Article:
The week post-V-Day is always special for us because we celebrate Rob’s birthday and our anniversary, so I eventually made my planned dessert, too. Our stash of avocados were perfectly ripe and could I really ignore an excuse to try out a new coconut flour-based dessert?
I cobbled together a delicious dessert from a few places. The base is inspired by Emma’s Raw Brownies but I topped it with a chocolate avocado frosting, based on my chocolate avocado mousse. To get a firm frosting, I used juicy Medjool dates as the sweetener (with a dash of agave only because I ran out of dates) along with a touch of lemon juice to balance the flavours. Next time, I might try a spiced version with cinnamon and cardamom again (like in my mousse).
Because I smushed this into a springform pan, this is more like a brownie cake. The brownie was delicious and it was amazingly fudgy and moist for a raw/no-cook dessert. Unlike my walnut-based raw brownie, this was lighter in texture due to the coconut flour (but more fudgy than my raw chocolate zucchini muffin). Plus the frosting just sealed the deal: delicious decadence. I highly recommend this. Although make no mistake, this is a decadent and filling treat.
PS. Here’s a shout-out to my Mom who got me a small off-set spatula. Which I totally used to frost the brownies. :)
What will you make with it? What’s your plan?
It may seem like I have a plan for most of my purchases, but not this one. Reading through a new cookbook with coconut flour recipes, I envisioned running through my coconut flour fairly quickly. And while I have been pretty good with making a few recipes with coconut flour, the recipes only use a small amount.
I did the math. I
don’t think know I will not be able to finish all of my coconut flour before I leave Houston. That would be over a pound per week. No. Can. Do.
Instead, I am having a lot of fun experimenting. This dessert intrigued me as it asked for a lot of coconut flour compared to the nut flour. I wondered how it would bind together without dates or oil. I tried it out. And true enough, it did not stick together. It was dry as a bone. Natasha told me to have faith, it would clump if I pressed it really hard in my pie plate.
I pressed and pressed. And then gave up. Perhaps the secret was the refrigerator chilling. I opted to try remedy the recipe myself: I added more sweetener, some oil and lots of almond milk. Coconut flour is thirsty, give it some liquid! I added and added until I felt the batter come together. I pressed it into a 6″ springform pan (unpictured), topped it with the radacious raspberry puree and sprinkled more of the batter overtop.
With still some batter and puree leftover, I created these mini versions. Too cute not to photograph and share.
The larger pie pieces stayed together easily, but that could be because I left it in the fridge longer. These were inhaled within a few hours. Don’t wait too long to eat your dessert, though. The coconut flour will dry up (sucking it from your raspberries perhaps) and taste a bit chalky. However, with a crumbly base, it is akin to a linzertorte, the Austrian cake with a pastry base, a fruit jam topping and the classic lattice topping. Delicate lattices are for chumps when you can much easily make a delicious, delicate crumb topping. ;)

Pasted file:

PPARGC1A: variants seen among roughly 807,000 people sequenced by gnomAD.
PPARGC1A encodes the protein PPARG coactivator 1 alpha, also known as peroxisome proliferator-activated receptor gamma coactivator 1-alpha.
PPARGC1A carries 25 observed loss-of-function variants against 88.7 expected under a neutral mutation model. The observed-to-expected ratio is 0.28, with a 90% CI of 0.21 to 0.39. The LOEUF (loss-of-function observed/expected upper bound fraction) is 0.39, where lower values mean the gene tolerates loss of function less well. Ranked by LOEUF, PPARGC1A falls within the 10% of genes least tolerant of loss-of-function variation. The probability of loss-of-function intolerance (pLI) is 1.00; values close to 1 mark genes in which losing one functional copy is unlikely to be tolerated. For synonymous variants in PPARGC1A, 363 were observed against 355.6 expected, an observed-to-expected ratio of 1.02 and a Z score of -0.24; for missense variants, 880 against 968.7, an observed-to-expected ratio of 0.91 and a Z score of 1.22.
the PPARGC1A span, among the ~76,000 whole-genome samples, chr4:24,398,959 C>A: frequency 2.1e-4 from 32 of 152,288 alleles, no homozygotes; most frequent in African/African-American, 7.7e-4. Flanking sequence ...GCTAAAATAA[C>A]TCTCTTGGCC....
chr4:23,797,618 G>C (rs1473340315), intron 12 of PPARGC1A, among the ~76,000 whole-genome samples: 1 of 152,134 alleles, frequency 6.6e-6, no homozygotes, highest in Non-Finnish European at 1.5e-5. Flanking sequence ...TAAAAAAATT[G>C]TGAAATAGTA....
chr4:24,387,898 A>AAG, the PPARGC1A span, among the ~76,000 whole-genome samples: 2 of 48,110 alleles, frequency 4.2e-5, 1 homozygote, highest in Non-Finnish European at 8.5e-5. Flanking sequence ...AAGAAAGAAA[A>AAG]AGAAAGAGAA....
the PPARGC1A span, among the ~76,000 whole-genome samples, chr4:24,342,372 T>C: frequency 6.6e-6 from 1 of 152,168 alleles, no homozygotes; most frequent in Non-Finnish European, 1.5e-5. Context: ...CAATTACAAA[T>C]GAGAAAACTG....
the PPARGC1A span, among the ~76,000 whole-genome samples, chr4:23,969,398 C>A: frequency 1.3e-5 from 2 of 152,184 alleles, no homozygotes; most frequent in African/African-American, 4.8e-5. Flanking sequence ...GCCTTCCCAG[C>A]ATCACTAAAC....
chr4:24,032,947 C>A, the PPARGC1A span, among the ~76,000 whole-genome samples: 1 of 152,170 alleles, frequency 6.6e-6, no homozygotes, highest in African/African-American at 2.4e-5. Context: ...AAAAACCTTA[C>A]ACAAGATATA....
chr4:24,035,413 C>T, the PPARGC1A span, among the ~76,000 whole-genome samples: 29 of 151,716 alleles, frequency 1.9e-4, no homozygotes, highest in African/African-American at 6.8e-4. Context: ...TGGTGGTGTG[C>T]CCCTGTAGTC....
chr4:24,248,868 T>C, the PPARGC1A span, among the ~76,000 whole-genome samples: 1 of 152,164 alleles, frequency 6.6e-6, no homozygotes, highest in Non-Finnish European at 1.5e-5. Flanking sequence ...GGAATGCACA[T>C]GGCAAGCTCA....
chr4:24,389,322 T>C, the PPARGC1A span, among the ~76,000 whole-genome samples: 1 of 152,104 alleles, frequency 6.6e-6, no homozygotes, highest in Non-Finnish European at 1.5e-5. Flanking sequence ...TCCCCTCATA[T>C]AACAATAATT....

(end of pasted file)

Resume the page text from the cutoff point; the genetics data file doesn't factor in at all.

Do you have any recipes you love with coconut flour?
Vegan coconut flour recipes I love:
This is my submission to Raw Food Thursdays.
I have embraced being a (temporary) Texan.
Summer in November? Yes.
Biking year round? Definitely.
I have obviously already forgotten about the hot, humid summer..
One problem, though: my dates are all messed up. Time is literally flying by. I saw an event for the end of November and thought it was weeks away. It was warm and sunny at the time… my internal clock had not registered that yes, it is indeed almost winter. At home, they’ve received more snow and cold weather than I can recall seeing in November.
I would be hard to pity me, though.. That warm spell disappeared and it is cold again. It will be a low at freezing point tonight. And I forgot (or did not pack?) my winter cycling gloves in Canada. Either that, or they are lost. :( I hope it is the former.
The warm weather partially explains my penchant for raw eats despite the season. The other, is that raw is easy to make and this was a recipe I knew would be fabulous. When Rob and I visited Ellen and Andy on our road trip to Houston, we shared a veritable feast for breakfast and these were my favourite treat. I have made raw (chocolate) macaroons before, but these were simply delightful. Apple, cinnamon and caramel-like dates are pulsed together with almonds and coconut for an autumn/winter-inspired treat. A touch of maple syrup and a sprinkle of salt made the flavours veritably pop.
These are so simple to make, but absolutely delicious.
Are you building your holiday treat roster yet? What are you excited to make?
This is my submission to this month’s Bookmarked Recipes.
I have discovered the secret to living in Houston’s summer. You need to fall into one of these two groups of people:
1. The people who wake up early before the sun rises
2. The people who stay up late after the sun sets
Rob and I have been exploring Houston by bicycle on the weekends. At 7am, we’ll cycle the deserted streets, only to find the paths at the parks literally packed with joggers and walkers. We must be thinking along the same lines: if you are going to be outdoors, best to do it before the sweltering heat arrives.
We quickly learned that Houston is wonderful after sunset. Many public events start late in the day, again to beat the heat.
The problem is trying to fit into category 1 and 2, on the same day. Suffice it to say, after a long bike ride in the morning, I was almost asleep mid-way through a Shakespeare in the Park production later that evening. The comfortable, balmy weather was a bit too conducive to napping. We didn’t even last past the intermission, HA! It was a splendid day, though.